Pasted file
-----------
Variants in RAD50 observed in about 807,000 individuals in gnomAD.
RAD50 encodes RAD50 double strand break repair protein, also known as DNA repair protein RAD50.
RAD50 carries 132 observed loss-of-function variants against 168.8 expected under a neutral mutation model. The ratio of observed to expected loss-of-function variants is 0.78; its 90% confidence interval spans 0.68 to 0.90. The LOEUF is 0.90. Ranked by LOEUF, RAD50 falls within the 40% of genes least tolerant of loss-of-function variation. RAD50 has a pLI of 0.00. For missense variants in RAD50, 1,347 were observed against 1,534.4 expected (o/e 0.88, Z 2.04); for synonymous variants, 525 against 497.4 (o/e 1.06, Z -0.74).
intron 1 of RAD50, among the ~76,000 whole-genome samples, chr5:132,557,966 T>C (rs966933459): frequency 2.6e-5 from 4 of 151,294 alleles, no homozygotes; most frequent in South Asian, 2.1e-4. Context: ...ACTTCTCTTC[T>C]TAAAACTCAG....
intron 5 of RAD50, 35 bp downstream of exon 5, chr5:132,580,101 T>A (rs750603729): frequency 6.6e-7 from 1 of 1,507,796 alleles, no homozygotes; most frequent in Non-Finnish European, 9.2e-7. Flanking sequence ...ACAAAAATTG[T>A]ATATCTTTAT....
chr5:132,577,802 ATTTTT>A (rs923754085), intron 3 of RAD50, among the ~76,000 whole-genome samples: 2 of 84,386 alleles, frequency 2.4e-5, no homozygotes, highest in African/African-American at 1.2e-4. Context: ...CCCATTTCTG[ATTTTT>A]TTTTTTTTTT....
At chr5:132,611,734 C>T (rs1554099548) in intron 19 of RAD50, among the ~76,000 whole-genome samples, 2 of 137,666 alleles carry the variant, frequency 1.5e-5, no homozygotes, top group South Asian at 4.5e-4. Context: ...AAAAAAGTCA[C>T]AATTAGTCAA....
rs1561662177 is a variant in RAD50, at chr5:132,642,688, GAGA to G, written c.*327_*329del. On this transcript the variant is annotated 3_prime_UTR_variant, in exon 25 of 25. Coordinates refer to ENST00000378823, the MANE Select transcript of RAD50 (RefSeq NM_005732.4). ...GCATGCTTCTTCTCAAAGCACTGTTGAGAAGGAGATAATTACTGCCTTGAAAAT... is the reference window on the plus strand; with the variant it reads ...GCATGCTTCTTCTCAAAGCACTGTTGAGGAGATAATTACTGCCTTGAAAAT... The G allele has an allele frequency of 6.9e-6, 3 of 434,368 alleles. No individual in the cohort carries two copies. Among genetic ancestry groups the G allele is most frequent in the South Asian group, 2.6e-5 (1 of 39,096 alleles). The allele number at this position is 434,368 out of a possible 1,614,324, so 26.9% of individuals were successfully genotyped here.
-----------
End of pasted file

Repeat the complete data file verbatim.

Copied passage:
Variants in RAD50 observed in about 807,000 individuals in gnomAD.
RAD50 encodes RAD50 double strand break repair protein, also known as DNA repair protein RAD50.
RAD50 carries 132 observed loss-of-function variants against 168.8 expected under a neutral mutation model. The ratio of observed to expected loss-of-function variants is 0.78; its 90% confidence interval spans 0.68 to 0.90. The LOEUF is 0.90. Ranked by LOEUF, RAD50 falls within the 40% of genes least tolerant of loss-of-function variation. RAD50 has a pLI of 0.00. For missense variants in RAD50, 1,347 were observed against 1,534.4 expected (o/e 0.88, Z 2.04); for synonymous variants, 525 against 497.4 (o/e 1.06, Z -0.74).
intron 1 of RAD50, among the ~76,000 whole-genome samples, chr5:132,557,966 T>C (rs966933459): frequency 2.6e-5 from 4 of 151,294 alleles, no homozygotes; most frequent in South Asian, 2.1e-4. Context: ...ACTTCTCTTC[T>C]TAAAACTCAG....
intron 5 of RAD50, 35 bp downstream of exon 5, chr5:132,580,101 T>A (rs750603729): frequency 6.6e-7 from 1 of 1,507,796 alleles, no homozygotes; most frequent in Non-Finnish European, 9.2e-7. Flanking sequence ...ACAAAAATTG[T>A]ATATCTTTAT....
chr5:132,577,802 ATTTTT>A (rs923754085), intron 3 of RAD50, among the ~76,000 whole-genome samples: 2 of 84,386 alleles, frequency 2.4e-5, no homozygotes, highest in African/African-American at 1.2e-4. Context: ...CCCATTTCTG[ATTTTT>A]TTTTTTTTTT....
At chr5:132,611,734 C>T (rs1554099548) in intron 19 of RAD50, among the ~76,000 whole-genome samples, 2 of 137,666 alleles carry the variant, frequency 1.5e-5, no homozygotes, top group South Asian at 4.5e-4. Context: ...AAAAAAGTCA[C>T]AATTAGTCAA....
rs1561662177 is a variant in RAD50, at chr5:132,642,688, GAGA to G, written c.*327_*329del. On this transcript the variant is annotated 3_prime_UTR_variant, in exon 25 of 25. Coordinates refer to ENST00000378823, the MANE Select transcript of RAD50 (RefSeq NM_005732.4). ...GCATGCTTCTTCTCAAAGCACTGTTGAGAAGGAGATAATTACTGCCTTGAAAAT... is the reference window on the plus strand; with the variant it reads ...GCATGCTTCTTCTCAAAGCACTGTTGAGGAGATAATTACTGCCTTGAAAAT... The G allele has an allele frequency of 6.9e-6, 3 of 434,368 alleles. No individual in the cohort carries two copies. Among genetic ancestry groups the G allele is most frequent in the South Asian group, 2.6e-5 (1 of 39,096 alleles). The allele number at this position is 434,368 out of a possible 1,614,324, so 26.9% of individuals were successfully genotyped here.